It’s a beautiful concept - to work at one with nature, with the terroir and to be sustainable, I love it, it’s a great idea but I’m not convinced there is a huge market out there. For example, organic wines are very difficult to make, there are huge limitations in the vineyard – you are not allowed to spray with this, you are not allowed to spray with that – it’s not easy. It also has to make sense financially. If you are producing this wine then you need to have a market for them. I mean, people speak about organic bio, but when they go to the wine shelf very few people will pick organic wines. Everyone is very positive about the concept and it’s great to hear about it, but I know very few people who will just go and only buy bio and organic. I would never just purchase a bottle of wine solely on the basis that it was organic. I do like some of them, like the ones which are literally just fermented and bottled, because they are a very true reflection of that wine’s specific terroir, soil, region and ethos.
What are your main passions outside of wine?
My biggest passion is my kids – I have three little monkeys at home who are gorgeous and that certainly puts a strain on my love of travelling. I like to paint and if I wasn’t a winemaker I was going to try and be a painter – its better this way because I think I’m a better winemaker than a painter! I like to entertain family and friends together with my wife with good food and good wine in our house. I love to cook. I am a fanatic rugby supporter. I arrived in South Africa just before the 1995 Rugby World Cup and since then I have loved it. My boy and I rarely miss a game with our team The Stormers, who are Cape Town’s local team. They play at the most fantastic stadium, The Newlands, and we are there every weekend.
What is your favourite meal?
My children are quite picky so with the kids it’s a bit more complicated. Myself and my wife are open and we discovered each other’s native dishes – she has become pretty good at cooking Romanian food and I have come accustomed to making South African.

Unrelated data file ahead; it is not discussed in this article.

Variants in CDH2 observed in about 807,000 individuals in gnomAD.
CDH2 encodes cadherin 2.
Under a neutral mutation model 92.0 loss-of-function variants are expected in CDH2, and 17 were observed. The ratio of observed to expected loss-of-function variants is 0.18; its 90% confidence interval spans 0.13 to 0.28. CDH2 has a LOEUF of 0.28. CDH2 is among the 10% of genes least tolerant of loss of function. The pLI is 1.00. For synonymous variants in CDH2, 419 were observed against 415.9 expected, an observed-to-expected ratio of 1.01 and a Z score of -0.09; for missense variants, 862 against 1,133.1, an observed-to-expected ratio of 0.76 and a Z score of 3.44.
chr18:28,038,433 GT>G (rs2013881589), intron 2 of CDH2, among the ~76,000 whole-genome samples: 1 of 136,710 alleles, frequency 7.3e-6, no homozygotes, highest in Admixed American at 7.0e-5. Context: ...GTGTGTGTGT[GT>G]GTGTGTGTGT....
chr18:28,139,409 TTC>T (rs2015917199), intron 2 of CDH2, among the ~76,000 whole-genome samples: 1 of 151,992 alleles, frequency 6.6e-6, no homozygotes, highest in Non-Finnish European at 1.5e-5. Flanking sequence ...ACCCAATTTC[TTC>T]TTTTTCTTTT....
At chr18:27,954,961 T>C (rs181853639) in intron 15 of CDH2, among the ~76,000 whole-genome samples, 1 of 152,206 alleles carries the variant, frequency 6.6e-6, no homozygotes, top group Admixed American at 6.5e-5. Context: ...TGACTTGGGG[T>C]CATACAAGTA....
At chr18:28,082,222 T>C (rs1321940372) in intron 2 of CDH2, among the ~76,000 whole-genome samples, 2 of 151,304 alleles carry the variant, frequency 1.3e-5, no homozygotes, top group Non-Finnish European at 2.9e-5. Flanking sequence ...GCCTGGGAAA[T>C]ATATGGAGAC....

The South Africans like to be outside and I think they have the best meat and do great bbqs. Otherwise, during the winter, we make a lot of Romanian dishes – stuffed tomatoes, stuffed peppers, moussaka – and my kids like Borscht – it’s like a sour soup. My wife got me seriously into fish and we do prepare a lot of fish at home. If you think of the map, South Africa is surrounded by ocean and so it has great fish. We cook a lot.
Where is your favourite place in your vineyard to sit down quietly with a glass of wine?
There is one place during the harvesting season that I use a lot. It’s in front of the Manor House, surrounded by vineyards and sitting there, in front of this gorgeous historical house, in the shade of the plain trees and on the grass overlooking the mountains – that is fantastic. I definitely have my spot!
Briefly describe a day in the life of Razvan Macici…
Let’s take a day in the harvest season when I will wake up early, that is for sure. I first go to the vineyard because nothing can be harvested without the full analysis of the grape and me actually physically going there. I go there and see the ripening; it’s not enough to see it on paper as I need to taste the grapes, look at the pips and decide whether it is ready. So I spend a couple of hours in the vineyards, preferably in the morning.
I get to the cellar by 10am to see the white winemaker and all the fermenting wines and so on, and we go and taste them. Together we discuss what we are going to do with them. After I have finished with the white winemaker I go and see the red winemaker at about 12 and we go through the same process, assessing each one and determining how to treat them.
After that I basically work in the cellar and get involved in the process, helping where it is needed but we have a great team. The evening will end with our viticulturists and the winemakers where we will plan the next day’s harvest. That all happens without mentioning the other things that might happen during the day; visitors, wine tasting, meetings…the family doesn’t see much of me!
Nederburg’s core range remains faithful to the time-honoured methods that celebrate the integrity of the grape. Each step of the winemaking journey has been carefully considered to highlight true varietal character. The pedigree of their wines makes them a worthy choice for any occasion. To find out more about Nederburg go to www.nederburg.com
To view our wines from South Africa, click here.